Brad Pitt Ponders His 'Last Semester' in Hollywood

Actor talks depression, recovery, self-analysis, and embracing 'all sides of self' with 'GQ'
By Arden Dier,  Newser Staff
Posted Jun 23, 2022 7:05 PM CDT
Brad Pitt Ponders His 'Last Semester' in Hollywood
Brad Pitt, winner of the award for best performance by an actor in a supporting role for "Once Upon a Time in Hollywood", poses in the press room at the Oscars on Sunday, Feb. 9, 2020, at the Dolby Theatre in Los Angeles.   (Photo by Jordan Strauss/Invision/AP)

Brad Pitt is on his "last leg," the 58-year-old actor tells GQ in a cover story interview that touches on what he calls his "last semester" in the movie business, sobriety, and dream interpretation. He describes a recurring nightmare in which stalkers emerge from the shadows to stab him. "This stopped a year or two ago only when I started going straight back into the dream and asking simply why?" he says. "My interpretation of the stabbing dreams were on the surface about fears, feeling unsafe, completely alone—but beneath it all they mostly seemed to be about buried needs—those aspects of self that weren’t allowed to bloom as a child—like healthy anger, individuality, or especially a voice."

Perhaps that's why "I just want to always make. If I'm not making, I'm dying in some way." Due to appear in 2022 films including Bullet Train and Babylon, he's also CEO and owner of production company Plan B Entertainment. But he can foresee a time when he leaves Hollywood. "I consider myself on my last leg, this last semester or trimester," he tells interviewer and author Ottessa Moshfegh. "What is this section gonna be? And how do I wanna design that?" It seems with "radical accountability" in mind. Pitt describes how he got sober and attended Alcoholics Anonymous meetings for a year and a half after Angelina Jolie filed for divorce in 2016, then gave up cigarettes during the COVID-19 pandemic.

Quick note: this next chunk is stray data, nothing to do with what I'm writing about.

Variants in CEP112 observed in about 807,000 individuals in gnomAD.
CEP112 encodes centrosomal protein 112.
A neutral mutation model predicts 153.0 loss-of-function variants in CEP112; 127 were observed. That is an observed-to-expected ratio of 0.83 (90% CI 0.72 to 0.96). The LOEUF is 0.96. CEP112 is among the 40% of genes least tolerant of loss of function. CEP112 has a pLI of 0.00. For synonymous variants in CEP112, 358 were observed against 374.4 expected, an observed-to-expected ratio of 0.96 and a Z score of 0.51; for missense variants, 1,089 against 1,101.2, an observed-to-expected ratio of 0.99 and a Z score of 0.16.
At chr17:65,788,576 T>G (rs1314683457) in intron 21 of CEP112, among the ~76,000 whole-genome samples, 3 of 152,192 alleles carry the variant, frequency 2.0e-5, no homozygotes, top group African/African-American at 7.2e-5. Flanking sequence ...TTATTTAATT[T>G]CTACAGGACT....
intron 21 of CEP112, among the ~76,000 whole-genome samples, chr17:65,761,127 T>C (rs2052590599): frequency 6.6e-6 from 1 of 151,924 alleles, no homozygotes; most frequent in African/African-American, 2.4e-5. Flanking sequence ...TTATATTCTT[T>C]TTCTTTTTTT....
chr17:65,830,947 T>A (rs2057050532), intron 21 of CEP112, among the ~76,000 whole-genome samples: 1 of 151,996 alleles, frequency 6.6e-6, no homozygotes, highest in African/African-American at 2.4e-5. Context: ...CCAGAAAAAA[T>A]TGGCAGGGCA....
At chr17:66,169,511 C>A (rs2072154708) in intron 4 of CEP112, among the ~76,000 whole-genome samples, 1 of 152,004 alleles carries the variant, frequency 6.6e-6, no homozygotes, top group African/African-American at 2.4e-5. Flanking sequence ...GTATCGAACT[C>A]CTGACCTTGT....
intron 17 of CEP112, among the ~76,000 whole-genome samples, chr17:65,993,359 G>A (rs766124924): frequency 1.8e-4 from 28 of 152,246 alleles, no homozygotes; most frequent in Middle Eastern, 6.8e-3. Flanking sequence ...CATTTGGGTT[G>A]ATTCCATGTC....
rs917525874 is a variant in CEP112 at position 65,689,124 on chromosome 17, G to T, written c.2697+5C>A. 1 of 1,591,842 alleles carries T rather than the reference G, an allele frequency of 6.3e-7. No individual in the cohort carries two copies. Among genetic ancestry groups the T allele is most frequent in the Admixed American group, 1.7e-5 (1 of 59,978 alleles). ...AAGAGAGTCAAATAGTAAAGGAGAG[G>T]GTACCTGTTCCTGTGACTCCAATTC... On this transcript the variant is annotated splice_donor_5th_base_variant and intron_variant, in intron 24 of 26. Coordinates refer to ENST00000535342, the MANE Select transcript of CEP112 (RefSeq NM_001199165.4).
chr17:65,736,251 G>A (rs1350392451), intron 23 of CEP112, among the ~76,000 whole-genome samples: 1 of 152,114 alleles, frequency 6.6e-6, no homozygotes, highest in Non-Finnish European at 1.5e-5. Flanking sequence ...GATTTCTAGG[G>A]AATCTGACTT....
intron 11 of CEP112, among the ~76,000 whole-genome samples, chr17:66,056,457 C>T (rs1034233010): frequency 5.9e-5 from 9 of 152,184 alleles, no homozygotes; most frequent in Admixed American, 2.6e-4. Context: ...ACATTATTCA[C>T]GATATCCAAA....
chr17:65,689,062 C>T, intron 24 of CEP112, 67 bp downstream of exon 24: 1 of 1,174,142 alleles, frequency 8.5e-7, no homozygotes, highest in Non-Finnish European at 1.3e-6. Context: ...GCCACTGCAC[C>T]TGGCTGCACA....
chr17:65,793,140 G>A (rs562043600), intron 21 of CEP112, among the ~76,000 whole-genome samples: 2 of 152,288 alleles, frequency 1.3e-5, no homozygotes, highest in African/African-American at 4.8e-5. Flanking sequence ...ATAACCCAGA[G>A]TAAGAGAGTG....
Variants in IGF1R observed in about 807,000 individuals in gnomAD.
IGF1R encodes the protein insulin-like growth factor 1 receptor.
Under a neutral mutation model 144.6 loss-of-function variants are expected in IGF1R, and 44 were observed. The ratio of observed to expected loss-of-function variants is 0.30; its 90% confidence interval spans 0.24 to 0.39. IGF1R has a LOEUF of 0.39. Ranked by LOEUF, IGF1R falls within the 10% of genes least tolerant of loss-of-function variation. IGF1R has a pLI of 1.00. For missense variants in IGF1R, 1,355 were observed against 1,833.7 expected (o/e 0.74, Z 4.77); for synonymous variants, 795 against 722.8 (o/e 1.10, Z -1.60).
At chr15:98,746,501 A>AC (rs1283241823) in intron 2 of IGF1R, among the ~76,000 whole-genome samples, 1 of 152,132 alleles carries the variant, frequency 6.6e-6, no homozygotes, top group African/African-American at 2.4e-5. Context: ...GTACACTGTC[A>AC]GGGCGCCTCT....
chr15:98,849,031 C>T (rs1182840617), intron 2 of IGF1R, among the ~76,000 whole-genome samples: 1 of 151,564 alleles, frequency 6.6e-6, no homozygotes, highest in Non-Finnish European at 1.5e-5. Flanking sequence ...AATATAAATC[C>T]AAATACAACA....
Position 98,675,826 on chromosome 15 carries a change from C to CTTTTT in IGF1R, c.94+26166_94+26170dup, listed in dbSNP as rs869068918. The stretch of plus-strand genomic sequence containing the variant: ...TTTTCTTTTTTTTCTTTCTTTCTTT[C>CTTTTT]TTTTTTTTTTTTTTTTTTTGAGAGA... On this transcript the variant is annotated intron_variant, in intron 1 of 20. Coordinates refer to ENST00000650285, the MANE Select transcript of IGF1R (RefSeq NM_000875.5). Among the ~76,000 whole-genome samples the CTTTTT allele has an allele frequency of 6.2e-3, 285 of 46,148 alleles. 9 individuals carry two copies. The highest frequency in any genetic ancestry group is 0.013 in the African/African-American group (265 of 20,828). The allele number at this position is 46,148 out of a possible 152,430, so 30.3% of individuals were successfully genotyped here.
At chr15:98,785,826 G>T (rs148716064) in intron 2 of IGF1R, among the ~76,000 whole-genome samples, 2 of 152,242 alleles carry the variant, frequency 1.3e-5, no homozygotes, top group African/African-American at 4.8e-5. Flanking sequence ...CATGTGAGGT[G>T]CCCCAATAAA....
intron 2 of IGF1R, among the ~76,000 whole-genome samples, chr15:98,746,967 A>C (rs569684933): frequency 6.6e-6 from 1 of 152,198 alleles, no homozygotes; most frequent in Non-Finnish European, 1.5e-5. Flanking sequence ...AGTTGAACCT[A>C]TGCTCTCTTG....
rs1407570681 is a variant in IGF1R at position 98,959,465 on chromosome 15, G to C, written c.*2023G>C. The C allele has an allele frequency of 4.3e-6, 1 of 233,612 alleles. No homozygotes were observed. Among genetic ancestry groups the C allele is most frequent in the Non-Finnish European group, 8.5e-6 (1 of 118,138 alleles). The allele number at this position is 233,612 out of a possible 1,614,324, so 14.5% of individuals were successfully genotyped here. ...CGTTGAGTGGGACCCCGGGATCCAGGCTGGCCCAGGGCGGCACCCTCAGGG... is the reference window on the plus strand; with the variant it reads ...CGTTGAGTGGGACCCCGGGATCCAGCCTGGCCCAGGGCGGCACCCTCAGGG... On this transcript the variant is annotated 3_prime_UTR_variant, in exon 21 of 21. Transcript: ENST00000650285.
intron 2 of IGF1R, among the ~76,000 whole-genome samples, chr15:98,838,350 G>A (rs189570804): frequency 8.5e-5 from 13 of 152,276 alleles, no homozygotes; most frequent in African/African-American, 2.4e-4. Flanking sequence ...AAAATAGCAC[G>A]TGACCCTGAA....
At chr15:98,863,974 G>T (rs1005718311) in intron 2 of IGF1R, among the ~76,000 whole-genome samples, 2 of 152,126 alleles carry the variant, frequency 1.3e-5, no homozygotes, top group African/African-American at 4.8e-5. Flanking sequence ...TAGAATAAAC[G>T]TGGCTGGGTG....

He's been working on his mental health, too, after spending "years with a low-grade depression." "I always felt very alone in my life," he tells the magazine, adding he believes he suffers from prosopagnosia or face blindness, an inability to recognize or differentiate faces, which may give the impression that he's distant or self-absorbed. "It's really not till recently that I have had a greater embrace of my friends and family," he says. "I think joy's been a newer discovery, later in life," he adds. (Read the full interview.)

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